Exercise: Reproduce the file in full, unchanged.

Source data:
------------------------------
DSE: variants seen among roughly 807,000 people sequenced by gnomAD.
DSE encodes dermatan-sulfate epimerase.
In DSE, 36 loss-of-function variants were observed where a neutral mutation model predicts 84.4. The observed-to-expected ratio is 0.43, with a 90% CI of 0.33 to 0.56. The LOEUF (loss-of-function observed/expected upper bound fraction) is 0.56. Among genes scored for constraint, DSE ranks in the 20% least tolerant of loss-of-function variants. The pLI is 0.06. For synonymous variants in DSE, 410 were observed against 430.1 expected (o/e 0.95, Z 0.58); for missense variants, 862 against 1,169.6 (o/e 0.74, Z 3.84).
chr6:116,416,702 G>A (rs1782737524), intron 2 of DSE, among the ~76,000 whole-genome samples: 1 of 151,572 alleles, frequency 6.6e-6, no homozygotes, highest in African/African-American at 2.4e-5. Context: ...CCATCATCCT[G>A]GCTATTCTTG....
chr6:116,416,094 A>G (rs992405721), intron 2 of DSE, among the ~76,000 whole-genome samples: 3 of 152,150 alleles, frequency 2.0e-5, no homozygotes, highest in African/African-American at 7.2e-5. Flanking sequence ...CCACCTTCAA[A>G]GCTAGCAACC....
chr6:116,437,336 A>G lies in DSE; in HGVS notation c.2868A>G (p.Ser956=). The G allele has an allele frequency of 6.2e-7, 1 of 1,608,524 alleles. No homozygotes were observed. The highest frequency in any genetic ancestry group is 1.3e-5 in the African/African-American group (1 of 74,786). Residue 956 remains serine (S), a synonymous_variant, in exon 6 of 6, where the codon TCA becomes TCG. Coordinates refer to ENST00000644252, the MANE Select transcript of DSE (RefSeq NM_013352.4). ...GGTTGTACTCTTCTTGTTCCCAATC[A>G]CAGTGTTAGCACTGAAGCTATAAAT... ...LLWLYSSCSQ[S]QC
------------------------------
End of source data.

DSE: variants seen among roughly 807,000 people sequenced by gnomAD.
DSE encodes dermatan-sulfate epimerase.
In DSE, 36 loss-of-function variants were observed where a neutral mutation model predicts 84.4. The observed-to-expected ratio is 0.43, with a 90% CI of 0.33 to 0.56. The LOEUF (loss-of-function observed/expected upper bound fraction) is 0.56. Among genes scored for constraint, DSE ranks in the 20% least tolerant of loss-of-function variants. The pLI is 0.06. For synonymous variants in DSE, 410 were observed against 430.1 expected (o/e 0.95, Z 0.58); for missense variants, 862 against 1,169.6 (o/e 0.74, Z 3.84).
chr6:116,416,702 G>A (rs1782737524), intron 2 of DSE, among the ~76,000 whole-genome samples: 1 of 151,572 alleles, frequency 6.6e-6, no homozygotes, highest in African/African-American at 2.4e-5. Context: ...CCATCATCCT[G>A]GCTATTCTTG....
chr6:116,416,094 A>G (rs992405721), intron 2 of DSE, among the ~76,000 whole-genome samples: 3 of 152,150 alleles, frequency 2.0e-5, no homozygotes, highest in African/African-American at 7.2e-5. Flanking sequence ...CCACCTTCAA[A>G]GCTAGCAACC....
chr6:116,437,336 A>G lies in DSE; in HGVS notation c.2868A>G (p.Ser956=). The G allele has an allele frequency of 6.2e-7, 1 of 1,608,524 alleles. No homozygotes were observed. The highest frequency in any genetic ancestry group is 1.3e-5 in the African/African-American group (1 of 74,786). Residue 956 remains serine (S), a synonymous_variant, in exon 6 of 6, where the codon TCA becomes TCG. Coordinates refer to ENST00000644252, the MANE Select transcript of DSE (RefSeq NM_013352.4). ...GGTTGTACTCTTCTTGTTCCCAATC[A>G]CAGTGTTAGCACTGAAGCTATAAAT... ...LLWLYSSCSQ[S]QC